When discussing the adjacent “normal” adrenal medullary tissue, attendees reached an impasse. Some believed it to be truly hyperplastic, as evidenced by the gross images submitted by the contributor, while others believed that the thinned cortex was due to the mass of two neoplasms expanding the medulla and compressing and stretching the cortex. In short, it was difficult to make a definitive diagnosis of medullary hyperplasia with the single slide available to conference participants; however, if the contributor’s other sections of the medulla revealed increased amounts of normal medullary tissue histologically, we support the contributor’s gross diagnosis of medullary hyperplasia.
Johns Hopkins University School of Medicine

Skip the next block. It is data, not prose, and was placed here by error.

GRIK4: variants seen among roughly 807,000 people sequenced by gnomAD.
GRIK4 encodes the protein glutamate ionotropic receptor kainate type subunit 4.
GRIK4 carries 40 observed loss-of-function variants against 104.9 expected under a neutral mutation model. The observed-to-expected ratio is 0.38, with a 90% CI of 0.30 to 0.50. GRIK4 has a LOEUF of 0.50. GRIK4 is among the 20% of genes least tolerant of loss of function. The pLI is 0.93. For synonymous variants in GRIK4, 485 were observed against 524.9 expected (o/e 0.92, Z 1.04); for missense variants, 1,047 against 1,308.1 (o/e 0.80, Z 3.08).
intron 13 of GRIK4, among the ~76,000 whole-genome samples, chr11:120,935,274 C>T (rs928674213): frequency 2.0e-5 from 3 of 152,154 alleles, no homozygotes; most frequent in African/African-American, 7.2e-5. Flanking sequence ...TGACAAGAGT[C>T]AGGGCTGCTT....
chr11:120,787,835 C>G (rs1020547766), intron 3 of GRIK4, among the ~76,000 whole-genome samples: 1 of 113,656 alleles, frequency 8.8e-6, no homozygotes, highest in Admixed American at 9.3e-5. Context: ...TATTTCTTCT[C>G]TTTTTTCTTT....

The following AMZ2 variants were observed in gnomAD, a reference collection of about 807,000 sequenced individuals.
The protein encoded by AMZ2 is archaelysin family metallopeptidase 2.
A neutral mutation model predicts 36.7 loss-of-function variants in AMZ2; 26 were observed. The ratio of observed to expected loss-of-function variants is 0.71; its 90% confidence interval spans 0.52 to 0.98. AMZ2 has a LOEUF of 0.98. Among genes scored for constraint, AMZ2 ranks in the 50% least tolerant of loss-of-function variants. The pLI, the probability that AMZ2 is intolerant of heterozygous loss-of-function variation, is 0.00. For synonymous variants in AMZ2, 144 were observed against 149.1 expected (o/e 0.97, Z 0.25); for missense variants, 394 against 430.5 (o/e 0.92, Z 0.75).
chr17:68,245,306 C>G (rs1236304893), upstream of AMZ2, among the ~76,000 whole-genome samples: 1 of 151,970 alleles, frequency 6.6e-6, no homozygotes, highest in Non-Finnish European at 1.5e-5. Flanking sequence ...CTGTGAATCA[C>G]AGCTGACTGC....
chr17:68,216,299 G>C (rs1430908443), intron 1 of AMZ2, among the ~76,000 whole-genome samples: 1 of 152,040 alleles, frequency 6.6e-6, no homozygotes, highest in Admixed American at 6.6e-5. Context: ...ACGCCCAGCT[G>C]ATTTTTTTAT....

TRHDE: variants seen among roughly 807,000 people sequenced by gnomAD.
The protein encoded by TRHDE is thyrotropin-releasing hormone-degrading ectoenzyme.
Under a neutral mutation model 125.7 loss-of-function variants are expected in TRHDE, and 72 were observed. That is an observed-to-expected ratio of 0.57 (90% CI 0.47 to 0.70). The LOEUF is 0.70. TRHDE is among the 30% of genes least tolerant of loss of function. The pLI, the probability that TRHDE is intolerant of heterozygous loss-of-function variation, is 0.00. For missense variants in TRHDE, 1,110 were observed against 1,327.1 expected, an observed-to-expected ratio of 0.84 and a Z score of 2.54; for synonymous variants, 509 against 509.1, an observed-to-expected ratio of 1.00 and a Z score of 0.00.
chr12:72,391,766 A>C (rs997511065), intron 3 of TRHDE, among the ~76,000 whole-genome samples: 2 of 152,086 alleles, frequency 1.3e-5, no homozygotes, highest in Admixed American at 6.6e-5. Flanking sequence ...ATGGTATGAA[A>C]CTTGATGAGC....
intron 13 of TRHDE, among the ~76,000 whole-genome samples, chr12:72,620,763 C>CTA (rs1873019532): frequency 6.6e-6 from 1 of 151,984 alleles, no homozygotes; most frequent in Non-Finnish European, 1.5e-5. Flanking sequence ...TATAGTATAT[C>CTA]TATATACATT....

Department of Molecular and Comparative Pathobiology
- Bertelsen MF, Steele SL, Grondahl C, Baandrup U. Pheochromocytoma in a white rhinoceros (Ceratotherium simum). J Zoo Wildl Med. 2011;42(3):521-523.
- Cardy RH, Bostrom RE. Multiple splenic myelolipomas in a cheetah. Veterinary Pathology. 1968;15:556-558.
- Dixon D, Yoshitomi K, Boorman G, Maronpot RR. "Lipomatous" lesions of unknown cellular origin in the liver of B6C3F1 mice. Veterinary Pathology. 1994;31:173-182.
- Edmondson EF, Bright JM, Halsey CH, Ehrhart EJ. Pathologic and cardiovascular characterization of pheochromocytoma-associated cardiomyopathy in dogs. Vet Pathol. 2015;52(2):338-343.
- Ishay A, Dharan M, Luboshitzky R. Combined adrenal myelolipoma and medullary hyperplasia. Horm Res. 2004;62(1):23-26.
- Khater N, Khauli R. Myelolipomas and other fatty tumours of the adrenals. Arab J Urol. 2011;9(4):259-265.